1 review    

Original German WWII MP44 STG 44 Sturmgewehr Display Machine Gun with Live Barrel, GDR Magazine & Original Buttstock Manual

Item Description

Original Item: Only One Available. This is an exceptional STG 44 display machine gun, built using all original German WWII manufactured parts, attached to a BATF approved cast aluminum display receiver. The barrel, gas tube assembly, rear sight, trigger group, ejection port cover, and butt stock are completely original, and were secured to the display receiver to make a BATF compliant non-firing inert display gun! Called the Sturmgewehr (Storm / Assault Rifle) 44, it was considered by many to be the original pattern for the modern assault rifle. The MP44 was developed to give German troops fighting in Russia a means of delivering large volumes of fire at the seemingly endless supply of Soviet troops.

This sample is in excellent condition, bearing German maker codes and proof marks throughout. As an added treat, it came with an original D 1854/3 stock code Maschinenpistole 44 (MP44) Gebrauchsanleitung (Instruction Manual), with a version date of 3. 6. 44.. This was rolled up in the butt stock compartment, where it was originally put when issued, and looks to have been there SINCE WWII. These manuals alone can go for over $400, but this one is really something special. Long storage has oil saturated all of the pages, giving it a beautiful amber color. All pages are intact and legible, though it is rolled up quite tightly. Really a time capsule item here!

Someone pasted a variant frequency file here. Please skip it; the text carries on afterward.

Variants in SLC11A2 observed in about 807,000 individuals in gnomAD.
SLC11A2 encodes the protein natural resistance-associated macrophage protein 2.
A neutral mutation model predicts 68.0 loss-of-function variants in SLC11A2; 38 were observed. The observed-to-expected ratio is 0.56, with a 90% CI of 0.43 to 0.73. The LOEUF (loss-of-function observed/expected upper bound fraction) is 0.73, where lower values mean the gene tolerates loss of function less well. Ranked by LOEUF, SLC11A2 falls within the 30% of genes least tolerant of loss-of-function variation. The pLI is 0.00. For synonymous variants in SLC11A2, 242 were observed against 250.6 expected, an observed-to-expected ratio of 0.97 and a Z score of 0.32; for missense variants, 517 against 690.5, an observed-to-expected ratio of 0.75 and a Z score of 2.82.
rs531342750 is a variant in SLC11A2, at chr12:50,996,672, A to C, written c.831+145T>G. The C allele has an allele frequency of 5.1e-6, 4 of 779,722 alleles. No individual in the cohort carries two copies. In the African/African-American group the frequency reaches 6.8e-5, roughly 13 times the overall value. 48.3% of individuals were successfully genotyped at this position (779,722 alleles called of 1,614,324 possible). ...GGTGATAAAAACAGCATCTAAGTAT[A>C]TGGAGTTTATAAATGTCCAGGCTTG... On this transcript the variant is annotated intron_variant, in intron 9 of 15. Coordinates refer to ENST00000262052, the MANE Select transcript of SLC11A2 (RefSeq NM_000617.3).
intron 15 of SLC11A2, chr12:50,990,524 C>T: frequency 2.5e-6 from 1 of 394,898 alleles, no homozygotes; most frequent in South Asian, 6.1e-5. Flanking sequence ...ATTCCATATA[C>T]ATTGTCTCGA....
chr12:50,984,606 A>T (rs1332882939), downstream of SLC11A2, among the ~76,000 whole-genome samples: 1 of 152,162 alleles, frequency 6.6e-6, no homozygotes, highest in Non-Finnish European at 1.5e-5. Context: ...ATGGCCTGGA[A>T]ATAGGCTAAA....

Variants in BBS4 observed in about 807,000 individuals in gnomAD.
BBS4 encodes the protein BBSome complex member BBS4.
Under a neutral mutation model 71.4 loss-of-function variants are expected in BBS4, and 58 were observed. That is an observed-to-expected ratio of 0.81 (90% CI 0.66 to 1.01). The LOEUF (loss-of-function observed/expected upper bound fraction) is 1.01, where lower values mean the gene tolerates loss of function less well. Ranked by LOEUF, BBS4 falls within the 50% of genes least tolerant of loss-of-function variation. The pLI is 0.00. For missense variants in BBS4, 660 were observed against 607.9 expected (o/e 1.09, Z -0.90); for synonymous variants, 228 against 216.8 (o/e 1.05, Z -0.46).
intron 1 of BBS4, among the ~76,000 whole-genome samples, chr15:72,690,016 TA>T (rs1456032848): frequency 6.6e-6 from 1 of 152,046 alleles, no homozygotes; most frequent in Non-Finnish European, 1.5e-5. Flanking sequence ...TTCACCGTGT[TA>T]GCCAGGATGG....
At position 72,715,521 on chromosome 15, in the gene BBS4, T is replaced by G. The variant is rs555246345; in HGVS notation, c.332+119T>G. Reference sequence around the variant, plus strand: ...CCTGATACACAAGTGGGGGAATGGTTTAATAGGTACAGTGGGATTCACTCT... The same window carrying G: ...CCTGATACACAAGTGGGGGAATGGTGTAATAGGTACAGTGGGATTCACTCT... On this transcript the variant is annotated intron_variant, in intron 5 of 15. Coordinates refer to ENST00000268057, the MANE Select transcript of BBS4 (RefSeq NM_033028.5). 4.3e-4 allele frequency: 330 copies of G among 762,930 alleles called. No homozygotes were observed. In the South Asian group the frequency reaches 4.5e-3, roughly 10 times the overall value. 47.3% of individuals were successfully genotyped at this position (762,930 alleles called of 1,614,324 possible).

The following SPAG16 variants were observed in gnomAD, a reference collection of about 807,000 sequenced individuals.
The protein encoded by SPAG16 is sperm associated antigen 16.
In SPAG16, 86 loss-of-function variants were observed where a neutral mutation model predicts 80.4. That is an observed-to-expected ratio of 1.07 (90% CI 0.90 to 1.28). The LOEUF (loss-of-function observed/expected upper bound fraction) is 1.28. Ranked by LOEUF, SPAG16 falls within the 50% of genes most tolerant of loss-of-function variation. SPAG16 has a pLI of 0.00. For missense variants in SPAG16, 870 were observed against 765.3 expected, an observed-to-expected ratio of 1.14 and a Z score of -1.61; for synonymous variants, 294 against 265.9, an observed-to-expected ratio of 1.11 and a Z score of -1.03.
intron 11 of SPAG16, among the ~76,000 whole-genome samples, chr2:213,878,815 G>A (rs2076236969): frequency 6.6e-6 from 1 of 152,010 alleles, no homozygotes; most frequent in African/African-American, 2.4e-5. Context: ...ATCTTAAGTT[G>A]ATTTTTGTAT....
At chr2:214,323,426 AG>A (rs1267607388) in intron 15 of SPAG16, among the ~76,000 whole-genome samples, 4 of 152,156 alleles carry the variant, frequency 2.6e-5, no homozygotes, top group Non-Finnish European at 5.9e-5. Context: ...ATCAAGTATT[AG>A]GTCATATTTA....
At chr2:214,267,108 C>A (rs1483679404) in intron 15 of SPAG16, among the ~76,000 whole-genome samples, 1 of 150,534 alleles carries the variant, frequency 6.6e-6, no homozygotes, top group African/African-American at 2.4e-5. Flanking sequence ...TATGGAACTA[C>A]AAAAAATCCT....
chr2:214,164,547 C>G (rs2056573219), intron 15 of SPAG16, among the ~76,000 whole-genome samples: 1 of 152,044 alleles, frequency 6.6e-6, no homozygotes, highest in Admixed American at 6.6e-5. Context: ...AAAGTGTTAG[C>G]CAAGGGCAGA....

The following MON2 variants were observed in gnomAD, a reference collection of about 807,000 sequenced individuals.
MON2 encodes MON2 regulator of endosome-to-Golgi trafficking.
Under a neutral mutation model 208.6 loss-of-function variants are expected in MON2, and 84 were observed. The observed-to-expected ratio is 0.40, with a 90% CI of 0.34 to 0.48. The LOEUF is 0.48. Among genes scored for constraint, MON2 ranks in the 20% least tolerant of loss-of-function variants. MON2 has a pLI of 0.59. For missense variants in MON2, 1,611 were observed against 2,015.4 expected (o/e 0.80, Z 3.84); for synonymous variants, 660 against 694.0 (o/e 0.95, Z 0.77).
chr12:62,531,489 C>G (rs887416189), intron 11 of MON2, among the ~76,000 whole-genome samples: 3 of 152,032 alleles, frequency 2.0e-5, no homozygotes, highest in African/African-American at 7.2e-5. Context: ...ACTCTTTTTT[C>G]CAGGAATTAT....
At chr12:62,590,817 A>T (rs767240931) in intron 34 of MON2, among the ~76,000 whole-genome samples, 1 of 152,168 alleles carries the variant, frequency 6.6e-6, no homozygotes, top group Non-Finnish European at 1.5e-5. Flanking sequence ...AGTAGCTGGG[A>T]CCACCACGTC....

The trigger group of this example is not maker marked, but does have serial number 7184 marked on the rear under the butt stock cup. It also has Waffenamt WaA21, which is a known inspection stamp seen on MP44 / STG44 trigger groups, but has not been identified. The safety and fire selectors are still intact and movable, as is the trigger. The butt stock cup is stamped with serial 847, while the laminated butt stock is stamped with 1014, so this was definitely made from parts of several guns. We have no way of knowing whether this was done during the war, or during post war use.